Mexico president joins 1st international summit -- from home

Mexico's President Andres Manuel Lopez Obrador arrives for his daily news conference, with health officials, at the presidential palace in Mexico City...

Mexico's President Andres Manuel Lopez Obrador arrives for his daily news conference, with health officials, at the presidential palace in Mexico City...

MEXICO CITY (AP) — More than a year into his term, Mexico President Andrés Manuel López Obrador attended his first international summit Thursday, though the topic — the coronavirus pandemic — meant he didn't have to leave home to get there.

López Obrador, who has not left Mexico since taking office in December 2018, urged the online gathering of the world's top 20 industrialized economies to help those with fewer resources. He proposed that the United Nations take control of “everything related to medicine and equipment” to combat the virus so that there is an even playing field. “When these things occur, he with the greatest economic possibilities hoards,” he said at his daily news conference, which followed the G20 session.

López Obrador specifically noted the ability of the neighboring United States to spend billions of dollars on in-demand items like ventilators for those in most critical need, making them harder for other countries to find and driving up the cost.

López Obrador has long maintained that he has too much to do in Mexico to spend time travelling abroad like other heads of state. He has delegated that work to his foreign secretary while at the same time sharply curtailing international travel by other government officials as part of his austerity measures.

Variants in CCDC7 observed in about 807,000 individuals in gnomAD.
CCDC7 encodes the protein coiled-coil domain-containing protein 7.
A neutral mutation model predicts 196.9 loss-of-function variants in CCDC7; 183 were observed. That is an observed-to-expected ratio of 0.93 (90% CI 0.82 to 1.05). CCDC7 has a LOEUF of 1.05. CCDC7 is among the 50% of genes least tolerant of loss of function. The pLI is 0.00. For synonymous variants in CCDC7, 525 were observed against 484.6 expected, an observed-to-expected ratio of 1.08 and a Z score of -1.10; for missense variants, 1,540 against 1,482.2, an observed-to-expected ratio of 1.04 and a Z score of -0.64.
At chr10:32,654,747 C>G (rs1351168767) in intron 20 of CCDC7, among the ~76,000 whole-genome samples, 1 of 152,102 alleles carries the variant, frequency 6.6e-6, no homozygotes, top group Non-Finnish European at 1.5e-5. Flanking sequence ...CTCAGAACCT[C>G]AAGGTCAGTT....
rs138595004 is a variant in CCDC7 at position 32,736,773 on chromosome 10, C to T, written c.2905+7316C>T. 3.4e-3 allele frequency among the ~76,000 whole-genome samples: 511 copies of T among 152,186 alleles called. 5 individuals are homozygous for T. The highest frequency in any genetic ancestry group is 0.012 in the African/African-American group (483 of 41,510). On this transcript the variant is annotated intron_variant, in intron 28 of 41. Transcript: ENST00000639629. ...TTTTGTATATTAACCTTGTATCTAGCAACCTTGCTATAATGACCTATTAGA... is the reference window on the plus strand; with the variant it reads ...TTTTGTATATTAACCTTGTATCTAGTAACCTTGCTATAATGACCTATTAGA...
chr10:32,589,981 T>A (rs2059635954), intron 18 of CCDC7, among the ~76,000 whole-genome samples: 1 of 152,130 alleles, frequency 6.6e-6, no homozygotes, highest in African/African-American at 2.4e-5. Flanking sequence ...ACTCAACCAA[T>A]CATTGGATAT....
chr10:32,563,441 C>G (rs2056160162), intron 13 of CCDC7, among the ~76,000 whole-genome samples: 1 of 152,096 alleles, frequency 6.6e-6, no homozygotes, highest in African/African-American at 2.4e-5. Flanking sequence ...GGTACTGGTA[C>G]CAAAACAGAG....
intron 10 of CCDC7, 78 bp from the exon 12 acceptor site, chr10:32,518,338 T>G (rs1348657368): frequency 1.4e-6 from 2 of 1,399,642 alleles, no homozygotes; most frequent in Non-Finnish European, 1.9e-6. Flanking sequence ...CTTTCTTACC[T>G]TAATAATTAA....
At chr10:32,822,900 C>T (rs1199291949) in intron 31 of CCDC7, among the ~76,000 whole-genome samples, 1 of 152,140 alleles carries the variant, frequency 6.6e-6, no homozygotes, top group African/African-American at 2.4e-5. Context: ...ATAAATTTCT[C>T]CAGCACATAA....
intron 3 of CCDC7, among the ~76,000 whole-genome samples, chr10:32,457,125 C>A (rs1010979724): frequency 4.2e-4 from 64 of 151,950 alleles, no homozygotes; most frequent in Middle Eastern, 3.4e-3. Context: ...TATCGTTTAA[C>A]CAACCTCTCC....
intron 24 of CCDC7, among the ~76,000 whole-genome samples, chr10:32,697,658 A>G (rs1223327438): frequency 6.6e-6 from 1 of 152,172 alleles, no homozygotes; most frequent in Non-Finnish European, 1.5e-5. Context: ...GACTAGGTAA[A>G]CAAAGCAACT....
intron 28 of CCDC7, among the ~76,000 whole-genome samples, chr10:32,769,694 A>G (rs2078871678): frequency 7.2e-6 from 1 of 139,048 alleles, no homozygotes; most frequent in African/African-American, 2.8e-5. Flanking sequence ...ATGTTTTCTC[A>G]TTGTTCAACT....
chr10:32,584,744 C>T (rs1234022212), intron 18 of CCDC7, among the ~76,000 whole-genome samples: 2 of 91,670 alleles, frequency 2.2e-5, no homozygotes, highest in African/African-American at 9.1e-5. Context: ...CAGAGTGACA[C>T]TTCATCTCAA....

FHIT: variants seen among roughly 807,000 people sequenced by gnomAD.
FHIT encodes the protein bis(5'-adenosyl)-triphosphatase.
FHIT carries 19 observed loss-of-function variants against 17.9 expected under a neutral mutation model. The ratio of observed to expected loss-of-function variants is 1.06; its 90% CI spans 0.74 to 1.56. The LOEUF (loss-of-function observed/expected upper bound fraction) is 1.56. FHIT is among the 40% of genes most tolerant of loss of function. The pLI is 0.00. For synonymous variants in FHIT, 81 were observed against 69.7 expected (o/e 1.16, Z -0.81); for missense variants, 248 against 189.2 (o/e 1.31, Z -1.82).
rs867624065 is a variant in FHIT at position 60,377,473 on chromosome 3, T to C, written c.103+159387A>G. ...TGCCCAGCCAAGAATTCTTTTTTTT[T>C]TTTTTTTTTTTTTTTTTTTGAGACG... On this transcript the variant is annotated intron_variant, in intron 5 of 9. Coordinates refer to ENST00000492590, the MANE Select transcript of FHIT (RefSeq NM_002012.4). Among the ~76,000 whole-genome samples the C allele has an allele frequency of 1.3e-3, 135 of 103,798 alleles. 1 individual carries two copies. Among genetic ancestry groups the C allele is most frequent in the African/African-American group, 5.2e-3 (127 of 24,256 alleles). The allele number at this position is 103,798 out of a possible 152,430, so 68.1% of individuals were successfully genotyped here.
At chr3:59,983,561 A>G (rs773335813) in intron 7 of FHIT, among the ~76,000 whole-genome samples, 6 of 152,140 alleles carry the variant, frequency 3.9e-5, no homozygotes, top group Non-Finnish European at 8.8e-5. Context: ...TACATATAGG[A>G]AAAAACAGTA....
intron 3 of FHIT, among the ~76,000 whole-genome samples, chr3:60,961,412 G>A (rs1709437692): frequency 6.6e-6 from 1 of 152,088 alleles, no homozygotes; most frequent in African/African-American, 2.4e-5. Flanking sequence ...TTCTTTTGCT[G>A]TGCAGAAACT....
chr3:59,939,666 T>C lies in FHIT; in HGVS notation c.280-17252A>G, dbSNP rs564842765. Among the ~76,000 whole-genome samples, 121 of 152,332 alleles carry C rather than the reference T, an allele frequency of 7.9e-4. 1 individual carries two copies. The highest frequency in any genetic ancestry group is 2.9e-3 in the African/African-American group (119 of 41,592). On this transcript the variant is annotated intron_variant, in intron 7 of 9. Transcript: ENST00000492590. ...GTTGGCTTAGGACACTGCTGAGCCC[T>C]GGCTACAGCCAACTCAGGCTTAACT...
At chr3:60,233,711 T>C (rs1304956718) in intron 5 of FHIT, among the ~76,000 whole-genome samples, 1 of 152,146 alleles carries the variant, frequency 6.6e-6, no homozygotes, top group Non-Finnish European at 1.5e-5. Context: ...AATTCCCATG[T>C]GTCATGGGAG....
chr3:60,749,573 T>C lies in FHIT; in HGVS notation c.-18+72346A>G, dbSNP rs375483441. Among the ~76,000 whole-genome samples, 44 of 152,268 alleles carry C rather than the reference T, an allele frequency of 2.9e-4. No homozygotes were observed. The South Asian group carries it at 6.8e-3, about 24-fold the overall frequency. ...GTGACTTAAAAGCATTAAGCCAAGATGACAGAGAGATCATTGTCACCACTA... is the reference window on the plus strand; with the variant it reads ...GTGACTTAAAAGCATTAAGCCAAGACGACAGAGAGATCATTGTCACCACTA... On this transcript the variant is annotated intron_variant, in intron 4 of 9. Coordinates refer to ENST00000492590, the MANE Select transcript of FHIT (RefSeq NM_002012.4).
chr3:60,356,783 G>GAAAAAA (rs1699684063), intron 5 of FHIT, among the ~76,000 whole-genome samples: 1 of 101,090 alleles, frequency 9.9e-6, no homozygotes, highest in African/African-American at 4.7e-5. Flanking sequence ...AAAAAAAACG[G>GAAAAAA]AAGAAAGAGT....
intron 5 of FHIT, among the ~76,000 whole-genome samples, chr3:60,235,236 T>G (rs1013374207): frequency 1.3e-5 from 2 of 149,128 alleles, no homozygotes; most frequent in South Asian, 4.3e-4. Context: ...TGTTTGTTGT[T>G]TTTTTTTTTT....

He also said the poor must be a focus of plans for economic recovery after the pandemic. “You must give special attention to the family micro-businesses and to all those working in the so-called informal economy, those who make their way in life any way they can,” he said.

Mexico had 475 confirmed cases of coronavirus as of Thursday and six people have died. On Thursday, the federal government shut down for all but essential work.

López Obrador has been criticized for not taking more aggressive measures against the pandemic and downplaying it as he encouraged Mexicans to go about their business. On Thursday, he seemed to be taking a harder line, devoting time to listing the illness' symptoms and urging people to stay inside.

Still, his government continued to send mixed messages. He said his health advisers told him Mexico should be in better shape by April 19. But earlier this week, Health Undersecretary Hugo López-Gatell said if the government's plan to flatten the epidemiological curve and keep infections at a manageable level works, the epidemic may not peak in Mexico until August.